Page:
High-impact exercise: ‘Physical’

By Craig Mathieson
Starring Rose Byrne as an uncompromising aerobics instructor, Annie Weisman’s unorthodox series leads June’s streaming highlights

Rose Byrne as Sheila Rubin in Physical. Image via Apple TV+

Saying yes is a dangerous proposition in Physical, a blackly deceptive comic drama that is the latest instalment in Apple TV+’s unpredictable streaming roster. It is 1981 and the attraction of Reaganism is building in San Diego, as in much of America. Sheila Rubin (Rose Byrne) has reached the end of the line with her self-loathing, but her “road to Damascus” moment comes when she tries an aerobics class and finds liberation and possibility. The camera fixes on her as the lighting builds to an ecstatic hue, so that a fantastical moment feels akin to deliverance. Annie Weisman’s show can be scabrous and even bleak, complete with Sheila’s self-lacerating internal monologue as voice-over, but it also has a seditious sense of wonder. More is open to interrogation in this series than you initially imagine.

Sheila is a different type of anti-heroine: disappointed by life and grasping for answers beyond being a wife and mother to a young daughter. Her fatuous academic husband, Danny (Rory Scovel), is her first vehicle for self-advancement, as she tries to get his campaign for the state legislature on track, but the more discoveries Sheila stumbles upon the closer she gets to going her own way. “I’m ready to make a fortune,” she declares in the fourth episode, and the story is laced with the rise of consumerism and the beginnings of inequality. Sheila, who has to keep her raids on the family checking account hidden from Danny, is an unstable test subject for the temptations of the 1980s, a former Berkeley radical from the 1960s who might be willing to trade being cool for being a commodity.

There are moments of suburban farce, as well as pathos generated by characters such as Greta (Dierdre Friel), Sheila’s new acquaintance who is in her own malaise, but Byrne’s nuanced performance leans into the uncompromising nature of her character. Sheila’s release is to binge and purge junk food, locked away in a motel room, and her bulimia is presented simply as being part of her psychological make-up instead of serving as a defining judgment. Aerobics, which she soon teaches, is another way of being in service to her body, and Sheila adopts the tone of the newly converted evangelical. “Use it,” she tells her students, embracing trickle-down exercise, “let it fuel you.” In this intriguing, unorthodox series, the transformative always has a hint of the terrifying.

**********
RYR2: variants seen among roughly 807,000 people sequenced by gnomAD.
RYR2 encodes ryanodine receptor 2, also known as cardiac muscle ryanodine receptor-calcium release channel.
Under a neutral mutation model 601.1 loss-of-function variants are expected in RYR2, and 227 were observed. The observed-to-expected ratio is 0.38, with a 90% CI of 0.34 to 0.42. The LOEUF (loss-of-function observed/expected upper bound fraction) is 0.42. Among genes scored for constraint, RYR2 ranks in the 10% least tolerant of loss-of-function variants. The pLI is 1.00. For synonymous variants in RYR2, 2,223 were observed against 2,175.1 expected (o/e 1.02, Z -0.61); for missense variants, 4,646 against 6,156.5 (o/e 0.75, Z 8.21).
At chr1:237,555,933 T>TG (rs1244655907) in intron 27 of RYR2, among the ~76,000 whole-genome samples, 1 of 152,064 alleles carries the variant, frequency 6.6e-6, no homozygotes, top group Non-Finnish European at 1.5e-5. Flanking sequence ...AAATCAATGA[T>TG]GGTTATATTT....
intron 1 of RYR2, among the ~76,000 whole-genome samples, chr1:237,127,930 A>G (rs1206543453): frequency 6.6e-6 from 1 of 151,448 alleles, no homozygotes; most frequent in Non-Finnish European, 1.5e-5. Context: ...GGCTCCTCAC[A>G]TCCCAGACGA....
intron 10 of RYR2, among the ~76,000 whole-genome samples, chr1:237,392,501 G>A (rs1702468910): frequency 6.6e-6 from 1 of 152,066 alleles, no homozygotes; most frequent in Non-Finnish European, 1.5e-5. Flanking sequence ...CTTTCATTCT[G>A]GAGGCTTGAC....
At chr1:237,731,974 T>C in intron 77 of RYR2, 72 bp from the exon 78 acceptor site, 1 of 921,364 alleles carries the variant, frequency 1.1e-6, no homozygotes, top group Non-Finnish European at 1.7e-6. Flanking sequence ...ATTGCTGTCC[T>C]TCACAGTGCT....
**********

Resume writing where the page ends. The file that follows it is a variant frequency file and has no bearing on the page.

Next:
It’s only June, but Disney+ has already issued three spin-off series from its blockbuster Marvel movies studio. The latest, and the most promising so far, is Loki, which gives the “God of Mischief” character from the Thor franchise (played with devilish impudence by Tom Hiddleston) his own arc. The plot has a redeemed Loki working for the temporal agency that regulates time (it’s unclear if he’s on an award wage or merely consulting), which allows for the inspired choice of Owen Wilson as his partner and part-time shrink, Mobius. Wilson, a long-time Wes Anderson player, brings a crooked nose, hopscotch vocal cadence and unruffled air to the very serious Marvel realm. It’s a welcome tonic that the show runs with.

The Unusual Suspects (SBS On Demand) is somewhat uneven, but it’s never afraid to be a lot. Jessica Redenbach’s limited series is a social satire set among the upper strata of waterside Sydney affluence – notably the wealthy women and their Filipino servants working far from home – but it also functions as a crime thriller and study of female solidarity. With a collection of husbands and boyfriends who prove to be uniformly disappointing, it’s up to the likes of ravenous influencer Sara Beasley (Miranda Otto) and her resilient nanny Evie (Aina Dumlao) to create their own safety net through the theft of a valuable necklace. The show knows when it is being over the top, salting some pertinent criticism amid the farce.

In brief: There are second seasons of two very different, but equally rewarding, Netflix series. The autobiographical Feel Good continues Canadian-in-London comic Mae Martin’s upending of the romantic-comedy, with a bittersweet examination of queer desire and addiction that makes far better use of Lisa Kudrow, as Martin’s mother, than the Friends reunion did. Black Summer takes life during a zombie apocalypse into winter, where naturally the blood on the snow looks even more striking. It has the momentum of a solid B-movie and an unsentimental outlook. Finally, all four seasons of Halt and Catch Fire, the acclaimed American cult drama about the birth of the modern computer industry, are out from behind pay TV’s wall and available on SBS On Demand. Originally airing between 2014 and 2017, when it was incorrectly hyped as the next Mad Men, it remains an enthralling drama about the limits of creativity.

Craig Mathieson

Craig Mathieson is a television critic for The Age and The Sydney Morning Herald, an author, and the creator of the Binge-r streaming newsletter.


Rose Byrne as Sheila Rubin in Physical. Image via Apple TV+

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